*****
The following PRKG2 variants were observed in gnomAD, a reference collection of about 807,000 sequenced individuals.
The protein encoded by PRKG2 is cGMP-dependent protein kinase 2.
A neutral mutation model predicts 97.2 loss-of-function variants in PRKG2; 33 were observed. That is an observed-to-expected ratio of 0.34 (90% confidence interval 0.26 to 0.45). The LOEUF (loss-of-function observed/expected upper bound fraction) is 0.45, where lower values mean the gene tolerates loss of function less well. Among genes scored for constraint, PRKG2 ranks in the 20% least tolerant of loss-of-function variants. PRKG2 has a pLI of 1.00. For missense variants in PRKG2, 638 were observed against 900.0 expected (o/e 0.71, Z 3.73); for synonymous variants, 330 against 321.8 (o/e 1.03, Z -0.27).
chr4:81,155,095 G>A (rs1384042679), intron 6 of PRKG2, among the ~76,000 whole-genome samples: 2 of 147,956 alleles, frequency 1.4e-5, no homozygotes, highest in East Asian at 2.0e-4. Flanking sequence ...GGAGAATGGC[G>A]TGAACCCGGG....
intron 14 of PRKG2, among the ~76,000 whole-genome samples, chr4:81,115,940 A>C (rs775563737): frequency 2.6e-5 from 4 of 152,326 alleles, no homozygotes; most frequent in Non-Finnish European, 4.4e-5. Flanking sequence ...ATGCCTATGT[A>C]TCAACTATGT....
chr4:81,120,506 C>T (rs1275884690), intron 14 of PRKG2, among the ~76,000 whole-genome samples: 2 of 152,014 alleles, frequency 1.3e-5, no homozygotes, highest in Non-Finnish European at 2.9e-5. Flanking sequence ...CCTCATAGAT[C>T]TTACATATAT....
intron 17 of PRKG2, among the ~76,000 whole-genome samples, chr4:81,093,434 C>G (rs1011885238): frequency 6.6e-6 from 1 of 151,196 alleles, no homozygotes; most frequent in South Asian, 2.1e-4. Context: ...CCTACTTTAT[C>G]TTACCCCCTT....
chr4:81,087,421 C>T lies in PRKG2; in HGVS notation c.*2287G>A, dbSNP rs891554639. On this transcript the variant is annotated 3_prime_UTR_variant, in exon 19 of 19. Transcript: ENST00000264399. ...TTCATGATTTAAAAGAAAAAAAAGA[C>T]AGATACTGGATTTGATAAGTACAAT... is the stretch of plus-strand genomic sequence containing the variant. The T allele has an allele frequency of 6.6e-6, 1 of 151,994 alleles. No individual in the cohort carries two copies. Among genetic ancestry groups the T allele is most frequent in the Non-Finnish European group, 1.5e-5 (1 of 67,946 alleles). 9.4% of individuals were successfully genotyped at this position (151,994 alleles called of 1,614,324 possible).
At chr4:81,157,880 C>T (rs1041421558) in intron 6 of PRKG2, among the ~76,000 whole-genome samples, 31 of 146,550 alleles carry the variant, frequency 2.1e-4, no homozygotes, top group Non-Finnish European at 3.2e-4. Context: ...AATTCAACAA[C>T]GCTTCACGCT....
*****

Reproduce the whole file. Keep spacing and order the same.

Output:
The following PRKG2 variants were observed in gnomAD, a reference collection of about 807,000 sequenced individuals.
The protein encoded by PRKG2 is cGMP-dependent protein kinase 2.
A neutral mutation model predicts 97.2 loss-of-function variants in PRKG2; 33 were observed. That is an observed-to-expected ratio of 0.34 (90% confidence interval 0.26 to 0.45). The LOEUF (loss-of-function observed/expected upper bound fraction) is 0.45, where lower values mean the gene tolerates loss of function less well. Among genes scored for constraint, PRKG2 ranks in the 20% least tolerant of loss-of-function variants. PRKG2 has a pLI of 1.00. For missense variants in PRKG2, 638 were observed against 900.0 expected (o/e 0.71, Z 3.73); for synonymous variants, 330 against 321.8 (o/e 1.03, Z -0.27).
chr4:81,155,095 G>A (rs1384042679), intron 6 of PRKG2, among the ~76,000 whole-genome samples: 2 of 147,956 alleles, frequency 1.4e-5, no homozygotes, highest in East Asian at 2.0e-4. Flanking sequence ...GGAGAATGGC[G>A]TGAACCCGGG....
intron 14 of PRKG2, among the ~76,000 whole-genome samples, chr4:81,115,940 A>C (rs775563737): frequency 2.6e-5 from 4 of 152,326 alleles, no homozygotes; most frequent in Non-Finnish European, 4.4e-5. Flanking sequence ...ATGCCTATGT[A>C]TCAACTATGT....
chr4:81,120,506 C>T (rs1275884690), intron 14 of PRKG2, among the ~76,000 whole-genome samples: 2 of 152,014 alleles, frequency 1.3e-5, no homozygotes, highest in Non-Finnish European at 2.9e-5. Flanking sequence ...CCTCATAGAT[C>T]TTACATATAT....
intron 17 of PRKG2, among the ~76,000 whole-genome samples, chr4:81,093,434 C>G (rs1011885238): frequency 6.6e-6 from 1 of 151,196 alleles, no homozygotes; most frequent in South Asian, 2.1e-4. Context: ...CCTACTTTAT[C>G]TTACCCCCTT....
chr4:81,087,421 C>T lies in PRKG2; in HGVS notation c.*2287G>A, dbSNP rs891554639. On this transcript the variant is annotated 3_prime_UTR_variant, in exon 19 of 19. Transcript: ENST00000264399. ...TTCATGATTTAAAAGAAAAAAAAGA[C>T]AGATACTGGATTTGATAAGTACAAT... is the stretch of plus-strand genomic sequence containing the variant. The T allele has an allele frequency of 6.6e-6, 1 of 151,994 alleles. No individual in the cohort carries two copies. Among genetic ancestry groups the T allele is most frequent in the Non-Finnish European group, 1.5e-5 (1 of 67,946 alleles). 9.4% of individuals were successfully genotyped at this position (151,994 alleles called of 1,614,324 possible).
At chr4:81,157,880 C>T (rs1041421558) in intron 6 of PRKG2, among the ~76,000 whole-genome samples, 31 of 146,550 alleles carry the variant, frequency 2.1e-4, no homozygotes, top group Non-Finnish European at 3.2e-4. Context: ...AATTCAACAA[C>T]GCTTCACGCT....